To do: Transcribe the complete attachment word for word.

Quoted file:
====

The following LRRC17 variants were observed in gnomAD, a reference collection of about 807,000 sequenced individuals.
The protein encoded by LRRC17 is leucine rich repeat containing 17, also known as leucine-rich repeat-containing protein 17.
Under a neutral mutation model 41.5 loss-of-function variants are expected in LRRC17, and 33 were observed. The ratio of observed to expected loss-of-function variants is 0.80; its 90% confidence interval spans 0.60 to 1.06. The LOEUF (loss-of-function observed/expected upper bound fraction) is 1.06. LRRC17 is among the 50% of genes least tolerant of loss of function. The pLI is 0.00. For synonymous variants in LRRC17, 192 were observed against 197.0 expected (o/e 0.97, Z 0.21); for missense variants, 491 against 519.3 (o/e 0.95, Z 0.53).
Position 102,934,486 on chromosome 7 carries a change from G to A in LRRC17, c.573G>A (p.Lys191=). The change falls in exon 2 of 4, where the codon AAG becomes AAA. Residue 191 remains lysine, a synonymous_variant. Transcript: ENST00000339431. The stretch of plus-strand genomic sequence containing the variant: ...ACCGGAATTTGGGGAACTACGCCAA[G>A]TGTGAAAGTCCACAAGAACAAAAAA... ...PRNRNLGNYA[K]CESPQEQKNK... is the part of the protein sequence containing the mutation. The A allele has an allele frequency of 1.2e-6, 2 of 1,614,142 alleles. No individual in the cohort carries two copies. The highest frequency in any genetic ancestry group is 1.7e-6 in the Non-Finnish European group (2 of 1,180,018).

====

The following LRRC17 variants were observed in gnomAD, a reference collection of about 807,000 sequenced individuals.
The protein encoded by LRRC17 is leucine rich repeat containing 17, also known as leucine-rich repeat-containing protein 17.
Under a neutral mutation model 41.5 loss-of-function variants are expected in LRRC17, and 33 were observed. The ratio of observed to expected loss-of-function variants is 0.80; its 90% confidence interval spans 0.60 to 1.06. The LOEUF (loss-of-function observed/expected upper bound fraction) is 1.06. LRRC17 is among the 50% of genes least tolerant of loss of function. The pLI is 0.00. For synonymous variants in LRRC17, 192 were observed against 197.0 expected (o/e 0.97, Z 0.21); for missense variants, 491 against 519.3 (o/e 0.95, Z 0.53).
Position 102,934,486 on chromosome 7 carries a change from G to A in LRRC17, c.573G>A (p.Lys191=). The change falls in exon 2 of 4, where the codon AAG becomes AAA. Residue 191 remains lysine, a synonymous_variant. Transcript: ENST00000339431. The stretch of plus-strand genomic sequence containing the variant: ...ACCGGAATTTGGGGAACTACGCCAA[G>A]TGTGAAAGTCCACAAGAACAAAAAA... ...PRNRNLGNYA[K]CESPQEQKNK... is the part of the protein sequence containing the mutation. The A allele has an allele frequency of 1.2e-6, 2 of 1,614,142 alleles. No individual in the cohort carries two copies. The highest frequency in any genetic ancestry group is 1.7e-6 in the Non-Finnish European group (2 of 1,180,018).